Just as I got used to being back in this world absent that pain so absolute that it was all that existed, the new sensation of things moving inside the flesh above my knees gripped my attention.

The sensation became a sudden realization, one that spawned a flash of deep terror. When I put my hands down to feel my legs through the leisure suit, I felt things moving inside me. I also felt them with a proprioception that I'd never experienced before. They, the things, were progressing busily through my upper legs crawling and eating upward toward my waist, toward my crotch. Then again another wave of warm, suffusing comfort flowed up to my neck. It dissolved my terror and removed the extreme anxiety. I now considered these things that were boring their way up through me with a strangely detached curiosity, a positive interest like a bored person might take in watching a colony of ants going about their frenzied business. How many they were, I couldn't guess. Several? dozens? Hundreds? Perhaps they were multiplying.

... the play is the tragedy, "Man,"
And its hero the Conqueror Worm.
Poe, The Conqueror Worm

Then they reached my spine. I felt a small sort of pop just above my tailbone and then in a few seconds everything had become much different. Suddenly I was extremely pleased (yes, pleased!) by my boring friends on their valiant, determined journey through my organs and tissues and bones. I wanted to give them names, they delighted me so. I felt urge to encourage them and aid them. I surrendered completely to their onslaught and felt what I thought must be the inimitable pleasure of a woman being filled by a man.

They crawled and ate through my neck and I giggled. I laughed! They took command of my brain stem and rewarded my welcome by splashing my brain with neurotransmitter ecstasy. They repurposed my limbic system to the creation of pure and constant pleasure and sense of ultimate well-being. I was in a heaven higher than any heaven ever imagined by even the most desperate of men. And so in absolute bliss I stayed.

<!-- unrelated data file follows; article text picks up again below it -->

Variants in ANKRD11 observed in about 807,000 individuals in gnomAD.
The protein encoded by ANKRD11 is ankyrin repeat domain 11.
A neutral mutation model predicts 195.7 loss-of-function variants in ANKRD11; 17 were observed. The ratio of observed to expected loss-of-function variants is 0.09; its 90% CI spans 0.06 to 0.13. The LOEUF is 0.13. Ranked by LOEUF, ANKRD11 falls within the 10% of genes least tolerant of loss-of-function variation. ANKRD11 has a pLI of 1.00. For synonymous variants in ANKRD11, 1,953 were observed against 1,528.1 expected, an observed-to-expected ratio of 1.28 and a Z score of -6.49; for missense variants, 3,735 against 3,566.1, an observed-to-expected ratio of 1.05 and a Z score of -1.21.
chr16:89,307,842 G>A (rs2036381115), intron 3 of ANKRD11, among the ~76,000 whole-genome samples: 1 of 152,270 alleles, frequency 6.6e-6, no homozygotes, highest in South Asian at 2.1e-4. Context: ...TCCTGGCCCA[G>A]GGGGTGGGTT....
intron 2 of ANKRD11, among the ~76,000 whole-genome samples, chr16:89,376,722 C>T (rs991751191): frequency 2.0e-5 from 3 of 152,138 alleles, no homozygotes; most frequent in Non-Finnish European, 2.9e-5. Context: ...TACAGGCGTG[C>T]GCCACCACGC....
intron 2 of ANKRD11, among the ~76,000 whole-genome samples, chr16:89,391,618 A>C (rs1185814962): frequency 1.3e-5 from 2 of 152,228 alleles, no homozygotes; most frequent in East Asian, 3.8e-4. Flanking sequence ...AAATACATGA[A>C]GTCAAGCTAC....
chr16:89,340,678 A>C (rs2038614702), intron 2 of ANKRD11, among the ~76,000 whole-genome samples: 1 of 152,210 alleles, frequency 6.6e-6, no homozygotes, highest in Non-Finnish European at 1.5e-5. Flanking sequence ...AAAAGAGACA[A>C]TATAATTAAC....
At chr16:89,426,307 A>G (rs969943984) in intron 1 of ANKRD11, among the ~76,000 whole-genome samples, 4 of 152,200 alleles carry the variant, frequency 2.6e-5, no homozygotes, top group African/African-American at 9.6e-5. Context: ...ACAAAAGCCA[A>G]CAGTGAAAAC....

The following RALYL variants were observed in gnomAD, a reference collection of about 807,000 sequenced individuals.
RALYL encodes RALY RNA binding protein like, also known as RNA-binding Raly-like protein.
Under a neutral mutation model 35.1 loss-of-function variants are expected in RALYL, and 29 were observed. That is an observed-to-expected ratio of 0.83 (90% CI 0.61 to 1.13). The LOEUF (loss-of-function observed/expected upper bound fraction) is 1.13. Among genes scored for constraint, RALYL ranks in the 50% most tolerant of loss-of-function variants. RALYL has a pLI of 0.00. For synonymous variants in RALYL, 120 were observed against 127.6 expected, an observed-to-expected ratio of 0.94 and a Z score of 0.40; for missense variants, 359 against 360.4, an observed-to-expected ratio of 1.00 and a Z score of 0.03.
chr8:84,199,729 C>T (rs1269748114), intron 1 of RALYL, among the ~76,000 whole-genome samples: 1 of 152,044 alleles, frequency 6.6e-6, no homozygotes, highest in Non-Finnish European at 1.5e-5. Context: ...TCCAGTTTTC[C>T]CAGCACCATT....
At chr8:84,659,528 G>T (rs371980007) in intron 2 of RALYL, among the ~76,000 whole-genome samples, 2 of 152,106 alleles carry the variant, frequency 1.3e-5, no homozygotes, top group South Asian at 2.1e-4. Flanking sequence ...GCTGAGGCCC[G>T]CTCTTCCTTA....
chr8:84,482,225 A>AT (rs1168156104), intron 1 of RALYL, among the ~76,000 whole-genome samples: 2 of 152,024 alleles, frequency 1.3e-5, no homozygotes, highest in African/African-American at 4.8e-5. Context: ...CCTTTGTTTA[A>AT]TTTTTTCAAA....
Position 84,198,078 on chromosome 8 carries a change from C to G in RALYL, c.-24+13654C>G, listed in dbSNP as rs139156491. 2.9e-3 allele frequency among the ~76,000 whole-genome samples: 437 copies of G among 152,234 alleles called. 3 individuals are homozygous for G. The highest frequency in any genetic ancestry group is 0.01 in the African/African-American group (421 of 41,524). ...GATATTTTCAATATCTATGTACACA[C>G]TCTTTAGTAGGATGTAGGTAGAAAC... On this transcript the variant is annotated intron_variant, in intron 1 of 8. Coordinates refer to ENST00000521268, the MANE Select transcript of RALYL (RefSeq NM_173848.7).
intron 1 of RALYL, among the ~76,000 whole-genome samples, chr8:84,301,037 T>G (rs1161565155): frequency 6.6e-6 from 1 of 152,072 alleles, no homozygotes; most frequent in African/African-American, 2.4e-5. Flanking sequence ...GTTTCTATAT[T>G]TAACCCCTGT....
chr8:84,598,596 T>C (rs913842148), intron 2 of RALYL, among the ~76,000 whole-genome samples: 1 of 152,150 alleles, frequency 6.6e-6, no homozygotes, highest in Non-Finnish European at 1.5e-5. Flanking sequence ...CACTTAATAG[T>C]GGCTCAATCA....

Oh! that my young life were a lasting dream!
My spirit not awakening, till the beam
Of an Eternity should bring the morrow.
Yes! though that long dream were of hopeless sorrow,
'Twere better than the cold reality
     Poe, Dreams

----

From chapter 13, "The Boring Worms of Ganymede," in the Colonist's Guide to Known Space Maladies:

The first case of BWoG infestation was discovered in Dr. E.A. Pym at the Initial Colonization Expedition on Ganymede. Dr. Pym was found sitting, if indeed it could be called sitting, in his study by Cmdr. Thrush of the Rescue and Recovery Team commissioned by Planet Colonies, Inc. after his team had entered and secured the room. He saw Dr. Pym from behind. In the Commander's words, "Pym's head was bobbing a bit and he seemed to be laughing a queer, private laugh, like someone listening to comedy over a PLD."

The Commander called out, but Pym did not respond, so he signaled one of his men to approach the amused doctor in his chair. Thrush was startled when the battle-hardened rescue specialist stumbled backward and almost fell because of what he saw. The man's involuntary reaction was enough to swing the chair around into the full view of the rest of the team. Pym was but torso and head. The arms and legs of his suit were flattened and crusted with dried blood and gore. There was movement all around his belly and chest, partly hidden by the bloodied clothing. The face and exposed neck had no skin left, just bone and muscle and tendons, all covered with a translucent layer of shiney, writhing jelly.

Thrush immediately called in the quarantine orders. Fortunately, Thrush and his four-man crew survived. Fortunately for us, but not for them. They were removed to a level D isolation unit, where researchers were able to record and document the entire course of BWoG infestation in the five men over a period of 14 months until they had all died laughing and all the larvae had pupated.

We don't go to Ganymede anymore.